Woman fright­ened of be­ing left alone now

South Waikato News - - NEWS - By CAITLIN WAL­LACE

Self de­fence classes are at the top of Max­ine Lozell’s to-do list.

Well, af­ter she re­cov­ers well enough to walk with­out crutches that is.

Bat­tered and bruised, the mother of two was lucky to es­cape with her life af­ter a bru­tal at­tack out­side her Lich­field home on April 22.

The 42-year old was left un­con­scious and freez­ing af­ter she was set upon by two men.

This is the sec­ond time in the past two years that Lozell has been as­saulted by strangers on her own property.

But Lozell said this lat­est atroc­ity makes her first as­sault ap­pear triv­ial.

The nightmare be­gan just af­ter 6am when Lozell left for work.

What she thought was their dog com­ing through the gate turned out to be a nasty sur­prise.

Two men grabbed the rest home worker and de­manded her keys, but when she for­got where they were, the at­tacks started.

‘‘ He started punch­ing and kick­ing,’’ she said.

As the beat­ing was dished out, she heard her at­tack­ers plan­ning to steal one of her grey­hounds.

‘‘I guess they thought they were valu­able enough,’’ she said.

She man­aged to scram­ble away to her car all the while scream­ing as she at­tempted to get to the car to toot the horn.

But her hus­band, daugh­ter and son- in- law lay sleep­ing in­side, obliv­i­ous to the hor­ror.

Be­fore she reached the car, the men caught her.

And it was at that mo­ment, she started to fear for her life as she was stran­gled with a dog lead. ‘‘I thought, ‘this is it’,’’ she said. Lozell blacked out and the at­tack­ers fled with $250.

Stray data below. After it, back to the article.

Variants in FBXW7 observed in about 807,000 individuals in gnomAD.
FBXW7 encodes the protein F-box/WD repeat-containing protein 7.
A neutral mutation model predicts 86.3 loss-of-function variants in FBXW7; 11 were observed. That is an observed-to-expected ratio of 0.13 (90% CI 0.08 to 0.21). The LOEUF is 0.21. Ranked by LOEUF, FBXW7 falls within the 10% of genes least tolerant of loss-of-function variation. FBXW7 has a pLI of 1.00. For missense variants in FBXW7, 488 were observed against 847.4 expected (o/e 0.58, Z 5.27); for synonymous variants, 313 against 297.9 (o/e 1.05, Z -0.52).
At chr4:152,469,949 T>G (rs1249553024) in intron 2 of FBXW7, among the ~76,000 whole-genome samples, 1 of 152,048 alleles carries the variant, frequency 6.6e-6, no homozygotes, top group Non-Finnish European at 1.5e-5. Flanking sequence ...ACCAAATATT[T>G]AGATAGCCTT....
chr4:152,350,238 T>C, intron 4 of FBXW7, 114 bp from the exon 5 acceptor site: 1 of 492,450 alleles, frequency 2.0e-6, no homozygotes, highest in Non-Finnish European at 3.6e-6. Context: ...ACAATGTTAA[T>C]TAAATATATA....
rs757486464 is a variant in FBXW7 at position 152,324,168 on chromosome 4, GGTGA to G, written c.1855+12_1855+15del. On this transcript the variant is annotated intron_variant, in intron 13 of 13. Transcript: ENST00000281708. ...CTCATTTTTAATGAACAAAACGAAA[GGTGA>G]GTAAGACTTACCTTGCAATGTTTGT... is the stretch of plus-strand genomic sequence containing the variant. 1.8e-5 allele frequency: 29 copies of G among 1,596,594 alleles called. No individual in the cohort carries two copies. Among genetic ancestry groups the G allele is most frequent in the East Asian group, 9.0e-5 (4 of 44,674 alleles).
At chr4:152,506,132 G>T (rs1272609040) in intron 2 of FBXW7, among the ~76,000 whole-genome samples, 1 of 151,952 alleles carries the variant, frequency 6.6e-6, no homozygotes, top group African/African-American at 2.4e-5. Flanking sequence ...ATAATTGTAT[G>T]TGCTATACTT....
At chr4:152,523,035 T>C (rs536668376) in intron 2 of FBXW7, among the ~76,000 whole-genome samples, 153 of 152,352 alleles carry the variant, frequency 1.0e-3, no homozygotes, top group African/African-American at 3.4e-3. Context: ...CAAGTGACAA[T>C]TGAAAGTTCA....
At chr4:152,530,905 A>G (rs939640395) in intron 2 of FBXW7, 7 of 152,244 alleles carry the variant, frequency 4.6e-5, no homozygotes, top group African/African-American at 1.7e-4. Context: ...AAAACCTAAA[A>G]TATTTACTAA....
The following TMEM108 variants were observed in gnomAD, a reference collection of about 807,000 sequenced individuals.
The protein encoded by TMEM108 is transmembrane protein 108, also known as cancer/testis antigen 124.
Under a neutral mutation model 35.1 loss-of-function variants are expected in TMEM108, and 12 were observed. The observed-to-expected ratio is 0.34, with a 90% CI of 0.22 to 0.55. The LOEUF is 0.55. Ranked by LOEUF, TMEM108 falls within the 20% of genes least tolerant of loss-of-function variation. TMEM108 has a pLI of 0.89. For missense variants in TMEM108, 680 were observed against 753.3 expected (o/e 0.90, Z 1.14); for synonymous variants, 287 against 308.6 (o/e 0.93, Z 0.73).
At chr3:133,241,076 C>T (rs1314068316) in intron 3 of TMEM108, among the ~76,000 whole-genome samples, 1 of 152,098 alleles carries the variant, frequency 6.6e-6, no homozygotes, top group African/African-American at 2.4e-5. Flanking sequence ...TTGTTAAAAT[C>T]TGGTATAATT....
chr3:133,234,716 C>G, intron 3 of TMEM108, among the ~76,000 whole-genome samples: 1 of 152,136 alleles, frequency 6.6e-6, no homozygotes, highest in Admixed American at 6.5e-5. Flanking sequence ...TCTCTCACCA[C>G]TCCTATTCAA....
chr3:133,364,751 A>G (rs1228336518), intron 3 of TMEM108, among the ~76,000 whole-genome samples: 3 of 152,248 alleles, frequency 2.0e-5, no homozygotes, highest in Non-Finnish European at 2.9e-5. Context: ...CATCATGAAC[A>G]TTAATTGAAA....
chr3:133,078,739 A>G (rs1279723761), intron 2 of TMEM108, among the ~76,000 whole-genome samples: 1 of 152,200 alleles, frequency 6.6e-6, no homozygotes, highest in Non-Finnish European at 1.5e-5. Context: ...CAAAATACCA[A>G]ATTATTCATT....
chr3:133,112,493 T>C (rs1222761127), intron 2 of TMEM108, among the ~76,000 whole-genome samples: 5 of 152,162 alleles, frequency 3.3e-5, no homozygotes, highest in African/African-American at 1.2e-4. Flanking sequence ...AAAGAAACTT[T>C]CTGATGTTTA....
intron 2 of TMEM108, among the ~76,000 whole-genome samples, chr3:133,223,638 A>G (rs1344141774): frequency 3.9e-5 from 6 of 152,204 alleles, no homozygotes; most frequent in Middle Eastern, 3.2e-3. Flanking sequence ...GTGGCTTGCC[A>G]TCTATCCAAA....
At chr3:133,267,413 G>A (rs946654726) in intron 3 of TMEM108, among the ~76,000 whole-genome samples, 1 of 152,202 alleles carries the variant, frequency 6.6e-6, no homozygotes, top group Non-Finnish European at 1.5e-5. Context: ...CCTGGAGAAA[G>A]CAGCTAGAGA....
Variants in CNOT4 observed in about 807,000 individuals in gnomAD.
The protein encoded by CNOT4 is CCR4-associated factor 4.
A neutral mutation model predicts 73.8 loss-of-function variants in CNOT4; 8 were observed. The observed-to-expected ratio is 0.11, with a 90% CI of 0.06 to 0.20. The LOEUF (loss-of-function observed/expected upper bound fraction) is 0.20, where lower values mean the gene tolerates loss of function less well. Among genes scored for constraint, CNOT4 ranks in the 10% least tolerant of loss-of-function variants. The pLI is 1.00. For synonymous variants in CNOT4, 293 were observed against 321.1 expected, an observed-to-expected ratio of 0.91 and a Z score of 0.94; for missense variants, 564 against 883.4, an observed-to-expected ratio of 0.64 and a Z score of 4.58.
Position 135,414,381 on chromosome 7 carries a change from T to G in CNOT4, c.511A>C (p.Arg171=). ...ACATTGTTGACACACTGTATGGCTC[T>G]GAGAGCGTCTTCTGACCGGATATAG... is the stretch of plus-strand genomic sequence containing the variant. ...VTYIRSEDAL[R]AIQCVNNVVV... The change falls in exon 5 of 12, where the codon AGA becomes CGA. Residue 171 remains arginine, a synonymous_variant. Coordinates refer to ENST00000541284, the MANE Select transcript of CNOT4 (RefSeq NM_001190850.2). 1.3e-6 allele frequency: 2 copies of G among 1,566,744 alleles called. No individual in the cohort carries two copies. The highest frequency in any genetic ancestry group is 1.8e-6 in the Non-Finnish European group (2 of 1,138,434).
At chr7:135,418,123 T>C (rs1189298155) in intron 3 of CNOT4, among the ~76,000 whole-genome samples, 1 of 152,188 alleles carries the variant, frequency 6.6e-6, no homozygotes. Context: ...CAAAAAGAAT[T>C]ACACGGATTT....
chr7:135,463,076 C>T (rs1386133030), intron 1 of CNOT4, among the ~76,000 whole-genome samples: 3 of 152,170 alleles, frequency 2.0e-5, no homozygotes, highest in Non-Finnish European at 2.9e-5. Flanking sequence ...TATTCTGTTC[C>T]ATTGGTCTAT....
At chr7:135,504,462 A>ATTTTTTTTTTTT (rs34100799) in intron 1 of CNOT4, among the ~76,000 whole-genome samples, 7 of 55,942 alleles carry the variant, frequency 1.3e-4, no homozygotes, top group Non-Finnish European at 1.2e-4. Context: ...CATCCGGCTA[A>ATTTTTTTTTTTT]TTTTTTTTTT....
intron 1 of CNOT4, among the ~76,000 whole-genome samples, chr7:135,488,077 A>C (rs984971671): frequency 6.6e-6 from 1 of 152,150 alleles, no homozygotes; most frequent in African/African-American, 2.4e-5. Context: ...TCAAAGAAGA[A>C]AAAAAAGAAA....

She lay there for what she said felt like sec­onds, but it was an hour later at about 7:20am when the rest home rang her hus­band to ask where she was was.

Lozell was taken to Toko­roa Hospi­tal and then to Waikato Hospi­tal for tests.

She sus­tained a body full of bruises, frac­tures to her face and a sprained knee.

This is the sec­ond at­tack she has come un­der in the last two years.

In a dif­fer­ent house, Lozell dis­turbed some­one go­ing through her shed and was punched in the face and kicked.

But last Tues­day’s at­tack was a whole new level.

All her con­fi­dence has been re­placed by fear - the at­tack de­stroy­ing her view of her ‘‘nice quiet com­mu­nity’’.

‘‘It makes you aware you aren’t even safe in your own home,’’ she said.

‘‘ I was home alone for five min­utes the other day and as soon as that car left the drive­way, I started to panic.’’

Al­though she is in fear, she plans to re­gain her con­fi­dence with a self de­fence class.

In panic, Lozell said the ‘‘ obey and ob­serve’’ rule was lost on her.

Toko­roa Se­nior Sergeant, Graeme Hill said no ar­rests had been made and the in­ves­ti­ga­tion is on­go­ing.

He said the at­tack was ‘‘ran­dom’’ es­pe­cially in a ru­ral area, but warned people to still be wary.

Scarred: Max­ine Lozell has been scarred in more ways than one from the vi­cious beat­ing she re­ceived

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